Special area narcotics unit targets drugs; sheriff outlines expansion hopes

Published 12:36 am Thursday, September 29, 2022

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ORANGE — Orange County Sheriff’s Office is continuing to crack down on illegal drugs.

Sheriff Jimmy Lane Mooney said he made this his goal when he became sheriff. He has a special unit dedicated to ridding the community of illegal drugs.

Recent drug busts made by the unit are gaining attention.

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One such bust was during highway interdiction in which an individual was caught with upwards of 99 pounds of marijuana. The drugs, Mooney said, were headed to Atlanta and beyond and were likely picked up in Houston.

Houston, he said, is a known source and hub for narcotics.

The drugs were also allegedly destined for Maryland.

In addition, law enforcement believes the driver of the vehicle, Malika Patterson, was using stolen and fraudulent identifications to further criminal activities.

Numerous checks and credit cards with various names and addresses were located, and this information has been referred to Georgia and Maryland officials for further investigation, according to information from OCSO.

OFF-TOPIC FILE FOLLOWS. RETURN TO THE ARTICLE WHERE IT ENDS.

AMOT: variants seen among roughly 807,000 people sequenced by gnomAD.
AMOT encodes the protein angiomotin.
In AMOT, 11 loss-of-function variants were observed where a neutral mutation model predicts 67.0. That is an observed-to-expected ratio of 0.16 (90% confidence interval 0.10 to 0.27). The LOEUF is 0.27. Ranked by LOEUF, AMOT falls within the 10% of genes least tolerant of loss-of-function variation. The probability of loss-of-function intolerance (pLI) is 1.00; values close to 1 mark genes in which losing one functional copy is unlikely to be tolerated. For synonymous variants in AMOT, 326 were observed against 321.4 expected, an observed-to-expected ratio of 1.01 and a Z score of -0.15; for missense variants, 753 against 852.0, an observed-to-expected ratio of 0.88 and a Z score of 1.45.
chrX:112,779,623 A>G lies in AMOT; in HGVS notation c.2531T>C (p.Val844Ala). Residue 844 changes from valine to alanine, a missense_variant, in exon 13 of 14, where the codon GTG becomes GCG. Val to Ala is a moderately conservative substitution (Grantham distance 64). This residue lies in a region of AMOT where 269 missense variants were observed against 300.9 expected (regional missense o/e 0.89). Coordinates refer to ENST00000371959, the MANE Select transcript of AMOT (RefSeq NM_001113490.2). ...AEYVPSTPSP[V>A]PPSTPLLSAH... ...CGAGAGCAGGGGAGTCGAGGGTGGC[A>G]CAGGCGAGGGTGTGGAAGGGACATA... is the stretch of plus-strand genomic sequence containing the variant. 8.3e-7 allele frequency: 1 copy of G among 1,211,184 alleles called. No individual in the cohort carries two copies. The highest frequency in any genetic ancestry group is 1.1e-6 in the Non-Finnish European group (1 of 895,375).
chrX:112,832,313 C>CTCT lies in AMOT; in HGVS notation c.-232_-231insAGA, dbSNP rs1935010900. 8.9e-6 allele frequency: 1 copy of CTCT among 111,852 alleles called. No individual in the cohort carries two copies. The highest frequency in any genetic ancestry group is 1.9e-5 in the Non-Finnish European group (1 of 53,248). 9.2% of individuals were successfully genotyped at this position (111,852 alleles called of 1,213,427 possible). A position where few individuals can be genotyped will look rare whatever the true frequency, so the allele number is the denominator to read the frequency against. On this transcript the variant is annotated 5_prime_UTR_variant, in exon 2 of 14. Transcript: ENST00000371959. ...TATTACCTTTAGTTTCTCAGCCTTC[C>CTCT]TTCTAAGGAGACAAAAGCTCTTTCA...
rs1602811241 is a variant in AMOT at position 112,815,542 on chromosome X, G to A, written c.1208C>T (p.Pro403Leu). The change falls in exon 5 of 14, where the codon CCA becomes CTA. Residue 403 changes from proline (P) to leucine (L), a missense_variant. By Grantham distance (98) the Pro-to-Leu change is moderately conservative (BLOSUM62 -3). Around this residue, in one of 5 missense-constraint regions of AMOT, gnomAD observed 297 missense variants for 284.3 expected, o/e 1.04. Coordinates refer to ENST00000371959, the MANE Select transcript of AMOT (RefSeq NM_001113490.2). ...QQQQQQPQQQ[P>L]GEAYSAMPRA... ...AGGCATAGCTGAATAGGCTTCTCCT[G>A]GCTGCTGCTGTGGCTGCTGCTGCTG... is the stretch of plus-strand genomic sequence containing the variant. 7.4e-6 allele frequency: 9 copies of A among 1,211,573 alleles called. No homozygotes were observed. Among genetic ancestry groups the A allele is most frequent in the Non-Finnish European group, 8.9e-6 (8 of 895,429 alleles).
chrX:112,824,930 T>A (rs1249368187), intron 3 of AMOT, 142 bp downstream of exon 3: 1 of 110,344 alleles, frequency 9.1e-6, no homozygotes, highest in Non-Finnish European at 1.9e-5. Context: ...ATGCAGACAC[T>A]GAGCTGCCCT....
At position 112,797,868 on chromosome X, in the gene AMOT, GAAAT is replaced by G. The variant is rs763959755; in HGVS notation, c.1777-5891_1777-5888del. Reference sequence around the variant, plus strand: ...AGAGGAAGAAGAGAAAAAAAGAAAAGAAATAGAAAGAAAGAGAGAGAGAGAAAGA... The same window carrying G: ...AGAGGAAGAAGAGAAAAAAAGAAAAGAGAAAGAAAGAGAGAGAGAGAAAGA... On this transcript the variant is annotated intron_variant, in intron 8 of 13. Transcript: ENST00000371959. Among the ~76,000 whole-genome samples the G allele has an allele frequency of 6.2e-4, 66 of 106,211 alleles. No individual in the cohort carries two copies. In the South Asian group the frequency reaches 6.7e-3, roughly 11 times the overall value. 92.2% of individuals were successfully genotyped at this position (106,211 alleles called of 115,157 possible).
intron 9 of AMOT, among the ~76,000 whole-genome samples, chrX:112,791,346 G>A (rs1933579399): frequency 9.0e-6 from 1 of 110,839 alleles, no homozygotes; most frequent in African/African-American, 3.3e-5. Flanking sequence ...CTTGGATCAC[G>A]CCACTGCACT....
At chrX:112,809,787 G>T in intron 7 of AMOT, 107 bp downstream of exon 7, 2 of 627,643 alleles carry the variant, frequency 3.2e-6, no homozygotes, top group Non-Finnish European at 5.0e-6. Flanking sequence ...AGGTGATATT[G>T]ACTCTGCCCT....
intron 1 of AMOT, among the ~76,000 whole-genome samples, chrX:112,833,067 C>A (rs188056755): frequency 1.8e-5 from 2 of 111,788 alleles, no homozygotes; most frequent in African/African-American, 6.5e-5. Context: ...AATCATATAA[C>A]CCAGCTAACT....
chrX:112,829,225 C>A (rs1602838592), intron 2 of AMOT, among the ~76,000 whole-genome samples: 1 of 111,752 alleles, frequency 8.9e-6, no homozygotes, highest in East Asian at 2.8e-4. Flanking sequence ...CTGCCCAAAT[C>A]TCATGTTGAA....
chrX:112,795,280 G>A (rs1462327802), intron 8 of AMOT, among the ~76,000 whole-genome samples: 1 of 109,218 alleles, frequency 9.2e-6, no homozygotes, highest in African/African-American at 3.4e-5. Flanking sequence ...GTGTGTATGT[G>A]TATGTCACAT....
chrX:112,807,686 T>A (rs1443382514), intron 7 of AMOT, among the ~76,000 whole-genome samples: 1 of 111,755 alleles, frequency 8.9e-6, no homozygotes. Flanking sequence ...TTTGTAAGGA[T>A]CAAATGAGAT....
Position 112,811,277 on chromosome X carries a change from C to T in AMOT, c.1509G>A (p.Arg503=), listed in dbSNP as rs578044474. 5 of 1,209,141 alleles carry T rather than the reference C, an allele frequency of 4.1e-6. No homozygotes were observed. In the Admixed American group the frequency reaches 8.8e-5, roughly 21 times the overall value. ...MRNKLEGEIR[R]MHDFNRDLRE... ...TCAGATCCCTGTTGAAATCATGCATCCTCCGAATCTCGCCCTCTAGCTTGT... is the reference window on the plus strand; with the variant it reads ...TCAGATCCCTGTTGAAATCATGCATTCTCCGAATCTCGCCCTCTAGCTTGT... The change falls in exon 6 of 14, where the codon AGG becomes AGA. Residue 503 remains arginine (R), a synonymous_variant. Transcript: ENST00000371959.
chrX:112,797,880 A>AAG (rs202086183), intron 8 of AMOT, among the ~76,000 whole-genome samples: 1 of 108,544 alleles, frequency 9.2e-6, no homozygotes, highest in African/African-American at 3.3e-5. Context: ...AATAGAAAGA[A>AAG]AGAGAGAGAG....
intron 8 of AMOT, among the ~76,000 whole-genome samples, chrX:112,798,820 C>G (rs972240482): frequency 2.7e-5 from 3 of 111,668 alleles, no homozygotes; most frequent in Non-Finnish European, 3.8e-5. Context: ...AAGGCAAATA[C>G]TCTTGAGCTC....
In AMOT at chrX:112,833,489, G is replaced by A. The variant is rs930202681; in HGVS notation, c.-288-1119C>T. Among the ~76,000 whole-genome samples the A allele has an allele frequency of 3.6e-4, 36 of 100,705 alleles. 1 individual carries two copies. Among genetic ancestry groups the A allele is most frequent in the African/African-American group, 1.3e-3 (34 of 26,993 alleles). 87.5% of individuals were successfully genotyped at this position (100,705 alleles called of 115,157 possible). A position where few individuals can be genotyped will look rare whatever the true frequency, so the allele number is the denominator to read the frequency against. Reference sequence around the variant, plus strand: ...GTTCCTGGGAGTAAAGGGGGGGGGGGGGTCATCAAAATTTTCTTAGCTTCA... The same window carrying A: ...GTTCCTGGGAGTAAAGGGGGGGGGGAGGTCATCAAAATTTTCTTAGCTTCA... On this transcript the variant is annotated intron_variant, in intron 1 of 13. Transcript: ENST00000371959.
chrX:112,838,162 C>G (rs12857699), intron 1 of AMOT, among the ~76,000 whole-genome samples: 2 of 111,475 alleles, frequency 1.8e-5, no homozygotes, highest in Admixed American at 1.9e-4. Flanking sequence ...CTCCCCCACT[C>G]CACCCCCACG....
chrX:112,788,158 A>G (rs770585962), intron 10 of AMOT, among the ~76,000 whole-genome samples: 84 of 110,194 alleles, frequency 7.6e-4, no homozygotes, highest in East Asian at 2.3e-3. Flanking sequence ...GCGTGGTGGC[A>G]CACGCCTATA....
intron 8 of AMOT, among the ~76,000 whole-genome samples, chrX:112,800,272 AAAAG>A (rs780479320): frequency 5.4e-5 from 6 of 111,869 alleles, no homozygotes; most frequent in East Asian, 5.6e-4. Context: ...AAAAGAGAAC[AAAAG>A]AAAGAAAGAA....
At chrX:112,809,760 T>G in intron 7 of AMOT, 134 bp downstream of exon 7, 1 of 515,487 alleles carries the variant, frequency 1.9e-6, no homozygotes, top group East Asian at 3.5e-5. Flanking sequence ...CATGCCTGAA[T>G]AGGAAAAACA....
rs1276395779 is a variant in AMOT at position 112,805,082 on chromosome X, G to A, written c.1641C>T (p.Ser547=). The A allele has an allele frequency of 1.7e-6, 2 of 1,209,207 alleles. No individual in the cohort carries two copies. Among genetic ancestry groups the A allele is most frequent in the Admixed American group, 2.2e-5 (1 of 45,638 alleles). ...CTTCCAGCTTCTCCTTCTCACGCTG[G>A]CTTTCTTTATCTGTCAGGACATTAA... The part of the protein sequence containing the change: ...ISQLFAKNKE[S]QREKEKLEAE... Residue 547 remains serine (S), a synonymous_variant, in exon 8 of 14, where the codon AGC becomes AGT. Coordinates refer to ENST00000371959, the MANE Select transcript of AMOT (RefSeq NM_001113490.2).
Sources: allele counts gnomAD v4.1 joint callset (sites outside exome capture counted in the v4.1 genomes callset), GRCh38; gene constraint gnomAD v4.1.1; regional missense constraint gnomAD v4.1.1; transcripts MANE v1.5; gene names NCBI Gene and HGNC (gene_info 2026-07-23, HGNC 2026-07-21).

Another recent narcotics related bust came with the arrest of Job Allen Smith.

Mooney said a search arrant was executed late last year in regards to the distribution of heroin.

The case, the sheriff said, was investigated six months before the arrest, adding SWAT was utilized in the arrest.

Drugs as well as weapons were found at the location.

His arrest was for possession of a controlled substance and unlawful possession of a firearm by a felon after two rifles were found.

The FBI adopted the case and presented it to the United States Attorney’s Office for federal prosecution. Smith was indicted by a federal grand jury.

The specialist unit also had a hand in busts at local game rooms where criminal activity occurred.

Mooney said the narcotics unit is a special operations squad and handles anything that requires special attention, which includes the game room work.

When Mooney took the position, he said he totally revamped the narcotics unit and added two drug-sniffing dogs to the department.

One of his future goals is to add two more, one per shift. But this decision is dependent on the budget. He’s also like to add a few more officers to the team. Currently, there are six individuals on the unit.

But either way, the unit will continue to work its goal and also assist other agencies in need.